Simulation of Fluid Power Systems

  Simulation Diagram Copyright: ifas

Modeling and simulation of fluid power systems plays an important role in practice. In this master course, students learn the structure and parameterization of simulation models and thus develop a deeper understanding of the system.

Contact

Photography of Mister Schoemacker

Phone

work
+49 241 80 47748

Email

E-Mail
 

Documents

All necessary documents will be made available to the students during the lecture.

 

Target Audience

The lecture is adressed at students in master mechanical engineering.

Language of the lecture: German

Recommended requirements:

  • Foundations of fluid technology
  • control engineering
 

Content

The lecture "Simulation of Fluid Power Systems" deals with the modeling and simulation of fluid power systems. In the lecture the basics for the structuring of complex fluid technical systems into functional units will be imparted. For the description of the functional units suitable subsystems are presented. Here, different description possibilities and details are discussed, these are applied in practical examples. In a further step, the parameterization of the models is developed.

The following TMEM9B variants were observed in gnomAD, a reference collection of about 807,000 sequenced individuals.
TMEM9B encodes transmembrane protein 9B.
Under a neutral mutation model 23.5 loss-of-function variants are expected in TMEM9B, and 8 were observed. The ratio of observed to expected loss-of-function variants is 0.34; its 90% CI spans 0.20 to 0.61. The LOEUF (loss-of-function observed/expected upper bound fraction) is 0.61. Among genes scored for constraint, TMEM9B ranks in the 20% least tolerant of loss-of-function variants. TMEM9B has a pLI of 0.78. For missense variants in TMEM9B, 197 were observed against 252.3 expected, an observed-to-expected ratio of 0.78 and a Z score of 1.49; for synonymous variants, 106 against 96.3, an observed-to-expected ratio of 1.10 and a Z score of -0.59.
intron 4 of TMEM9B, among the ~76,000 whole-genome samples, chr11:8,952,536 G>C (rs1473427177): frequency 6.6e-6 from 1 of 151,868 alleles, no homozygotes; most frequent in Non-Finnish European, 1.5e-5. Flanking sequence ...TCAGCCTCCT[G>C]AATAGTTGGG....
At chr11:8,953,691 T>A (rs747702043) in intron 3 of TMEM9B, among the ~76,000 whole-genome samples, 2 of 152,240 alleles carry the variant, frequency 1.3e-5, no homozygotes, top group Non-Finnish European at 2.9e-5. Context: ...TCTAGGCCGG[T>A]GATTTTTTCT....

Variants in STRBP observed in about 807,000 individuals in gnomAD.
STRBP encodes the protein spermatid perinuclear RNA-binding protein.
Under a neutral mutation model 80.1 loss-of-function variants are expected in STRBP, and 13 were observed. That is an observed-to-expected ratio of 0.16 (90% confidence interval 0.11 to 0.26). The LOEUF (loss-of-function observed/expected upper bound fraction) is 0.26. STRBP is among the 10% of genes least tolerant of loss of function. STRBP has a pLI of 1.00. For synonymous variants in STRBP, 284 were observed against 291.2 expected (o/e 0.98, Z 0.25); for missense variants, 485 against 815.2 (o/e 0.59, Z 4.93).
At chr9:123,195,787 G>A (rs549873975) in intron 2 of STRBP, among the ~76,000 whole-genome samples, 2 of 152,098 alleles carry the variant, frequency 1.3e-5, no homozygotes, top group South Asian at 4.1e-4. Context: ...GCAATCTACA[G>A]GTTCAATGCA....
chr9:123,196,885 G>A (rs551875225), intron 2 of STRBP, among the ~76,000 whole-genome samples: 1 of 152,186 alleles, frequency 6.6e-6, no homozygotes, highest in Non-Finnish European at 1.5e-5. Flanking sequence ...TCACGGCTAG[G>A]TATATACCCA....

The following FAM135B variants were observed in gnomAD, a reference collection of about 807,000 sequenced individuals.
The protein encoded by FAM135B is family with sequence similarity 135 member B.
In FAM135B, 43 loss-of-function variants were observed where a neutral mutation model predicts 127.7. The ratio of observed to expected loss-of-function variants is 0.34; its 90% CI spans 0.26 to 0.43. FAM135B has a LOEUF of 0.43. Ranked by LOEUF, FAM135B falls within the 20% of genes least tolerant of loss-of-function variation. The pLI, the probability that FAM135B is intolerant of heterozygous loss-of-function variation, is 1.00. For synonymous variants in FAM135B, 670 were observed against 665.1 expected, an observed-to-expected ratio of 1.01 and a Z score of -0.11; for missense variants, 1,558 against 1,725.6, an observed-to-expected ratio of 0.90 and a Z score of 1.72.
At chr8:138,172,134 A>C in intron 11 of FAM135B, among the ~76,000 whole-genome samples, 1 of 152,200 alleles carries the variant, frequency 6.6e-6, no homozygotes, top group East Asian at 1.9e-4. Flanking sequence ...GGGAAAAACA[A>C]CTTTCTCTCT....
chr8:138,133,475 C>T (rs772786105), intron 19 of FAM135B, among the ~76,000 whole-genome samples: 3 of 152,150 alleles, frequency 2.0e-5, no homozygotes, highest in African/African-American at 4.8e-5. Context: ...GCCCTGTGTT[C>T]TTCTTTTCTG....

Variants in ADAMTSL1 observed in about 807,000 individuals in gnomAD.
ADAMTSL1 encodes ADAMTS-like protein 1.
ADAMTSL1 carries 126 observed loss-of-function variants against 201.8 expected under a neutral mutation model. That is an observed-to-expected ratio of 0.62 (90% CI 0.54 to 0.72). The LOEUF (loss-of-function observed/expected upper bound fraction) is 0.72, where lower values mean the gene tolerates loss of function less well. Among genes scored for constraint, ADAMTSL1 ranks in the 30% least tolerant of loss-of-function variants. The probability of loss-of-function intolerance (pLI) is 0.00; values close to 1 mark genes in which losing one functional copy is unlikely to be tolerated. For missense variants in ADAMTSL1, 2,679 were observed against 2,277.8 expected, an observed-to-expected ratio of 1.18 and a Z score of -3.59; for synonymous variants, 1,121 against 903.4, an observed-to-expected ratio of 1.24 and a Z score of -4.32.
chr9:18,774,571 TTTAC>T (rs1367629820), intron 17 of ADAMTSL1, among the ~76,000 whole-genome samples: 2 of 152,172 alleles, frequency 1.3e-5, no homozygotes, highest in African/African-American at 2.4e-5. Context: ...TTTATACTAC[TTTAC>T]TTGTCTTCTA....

Simulation results are presented and evaluated using examples. Special attention is given to the interpretation and critical questioning of results and simplifying assumptions during modeling.

The lecture is accompanied by exercises to present simulation as a central tool for the conception, construction, regulation and analysis of fluid technical systems. In the exercise the students will build fluid systems in simulation environments. Here solution strategies are developed and applied, with which complex problems can be processed.

  • Modeling and simulation of fluid power systems
  • Development of system understanding
  • Design and parameterization of simulation models
  • Learning by independent application of simulations as a tool for different fluidic systems in the context of exercises
  • Evaluate and critically question assumptions and results

 
 

The Instructor